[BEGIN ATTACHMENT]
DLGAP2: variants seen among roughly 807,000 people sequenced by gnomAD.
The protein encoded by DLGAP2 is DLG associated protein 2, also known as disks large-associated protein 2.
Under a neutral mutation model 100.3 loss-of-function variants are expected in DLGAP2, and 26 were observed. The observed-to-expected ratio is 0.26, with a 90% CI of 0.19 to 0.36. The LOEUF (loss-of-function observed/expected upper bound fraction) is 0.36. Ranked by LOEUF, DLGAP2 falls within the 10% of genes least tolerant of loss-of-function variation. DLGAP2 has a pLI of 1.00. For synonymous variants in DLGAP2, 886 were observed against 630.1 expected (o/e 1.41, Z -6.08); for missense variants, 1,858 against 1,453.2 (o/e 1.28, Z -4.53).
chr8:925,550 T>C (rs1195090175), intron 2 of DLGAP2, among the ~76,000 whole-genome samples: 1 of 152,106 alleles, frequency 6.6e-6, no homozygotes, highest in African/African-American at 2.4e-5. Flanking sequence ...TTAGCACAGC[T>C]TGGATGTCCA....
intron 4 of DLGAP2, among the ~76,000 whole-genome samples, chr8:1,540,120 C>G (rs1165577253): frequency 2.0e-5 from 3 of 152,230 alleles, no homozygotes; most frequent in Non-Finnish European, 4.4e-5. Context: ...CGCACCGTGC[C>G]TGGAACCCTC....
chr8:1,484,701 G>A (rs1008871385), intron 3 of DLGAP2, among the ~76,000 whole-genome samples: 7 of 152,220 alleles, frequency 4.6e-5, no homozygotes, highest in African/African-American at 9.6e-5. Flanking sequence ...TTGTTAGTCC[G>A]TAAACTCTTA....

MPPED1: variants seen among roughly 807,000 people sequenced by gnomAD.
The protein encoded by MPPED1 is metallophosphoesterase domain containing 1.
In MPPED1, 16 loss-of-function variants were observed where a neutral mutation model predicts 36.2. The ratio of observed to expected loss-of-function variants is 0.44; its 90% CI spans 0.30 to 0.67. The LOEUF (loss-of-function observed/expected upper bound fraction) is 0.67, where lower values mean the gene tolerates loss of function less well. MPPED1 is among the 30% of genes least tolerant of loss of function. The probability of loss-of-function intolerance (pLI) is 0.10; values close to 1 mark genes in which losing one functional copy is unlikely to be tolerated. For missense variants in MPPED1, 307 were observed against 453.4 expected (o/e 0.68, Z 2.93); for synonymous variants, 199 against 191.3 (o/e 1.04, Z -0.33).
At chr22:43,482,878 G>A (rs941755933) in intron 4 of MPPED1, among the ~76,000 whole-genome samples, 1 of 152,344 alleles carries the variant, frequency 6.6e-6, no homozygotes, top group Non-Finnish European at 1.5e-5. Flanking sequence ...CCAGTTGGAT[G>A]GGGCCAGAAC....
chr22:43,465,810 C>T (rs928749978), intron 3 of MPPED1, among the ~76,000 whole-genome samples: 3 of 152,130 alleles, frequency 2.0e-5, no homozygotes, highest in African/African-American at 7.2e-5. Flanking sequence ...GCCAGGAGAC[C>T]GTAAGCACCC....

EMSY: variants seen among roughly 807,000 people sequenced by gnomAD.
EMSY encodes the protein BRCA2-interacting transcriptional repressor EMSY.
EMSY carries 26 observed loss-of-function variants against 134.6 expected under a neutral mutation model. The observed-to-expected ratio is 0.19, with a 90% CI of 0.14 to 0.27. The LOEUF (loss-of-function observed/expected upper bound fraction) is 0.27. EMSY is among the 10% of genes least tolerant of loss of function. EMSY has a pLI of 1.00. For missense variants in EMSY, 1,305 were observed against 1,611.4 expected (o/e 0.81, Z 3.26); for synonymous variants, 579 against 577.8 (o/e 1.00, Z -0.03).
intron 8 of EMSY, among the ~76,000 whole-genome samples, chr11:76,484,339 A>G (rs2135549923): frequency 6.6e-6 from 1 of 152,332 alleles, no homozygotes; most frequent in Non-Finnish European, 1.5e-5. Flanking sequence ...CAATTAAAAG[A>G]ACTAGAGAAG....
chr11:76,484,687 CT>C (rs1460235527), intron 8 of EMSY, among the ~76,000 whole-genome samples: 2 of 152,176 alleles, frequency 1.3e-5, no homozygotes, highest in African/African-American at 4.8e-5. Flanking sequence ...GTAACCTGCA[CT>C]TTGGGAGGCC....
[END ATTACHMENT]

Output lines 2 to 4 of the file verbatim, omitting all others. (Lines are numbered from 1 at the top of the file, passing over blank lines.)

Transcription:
The protein encoded by DLGAP2 is DLG associated protein 2, also known as disks large-associated protein 2.
Under a neutral mutation model 100.3 loss-of-function variants are expected in DLGAP2, and 26 were observed. The observed-to-expected ratio is 0.26, with a 90% CI of 0.19 to 0.36. The LOEUF (loss-of-function observed/expected upper bound fraction) is 0.36. Ranked by LOEUF, DLGAP2 falls within the 10% of genes least tolerant of loss-of-function variation. DLGAP2 has a pLI of 1.00. For synonymous variants in DLGAP2, 886 were observed against 630.1 expected (o/e 1.41, Z -6.08); for missense variants, 1,858 against 1,453.2 (o/e 1.28, Z -4.53).
chr8:925,550 T>C (rs1195090175), intron 2 of DLGAP2, among the ~76,000 whole-genome samples: 1 of 152,106 alleles, frequency 6.6e-6, no homozygotes, highest in African/African-American at 2.4e-5. Flanking sequence ...TTAGCACAGC[T>C]TGGATGTCCA....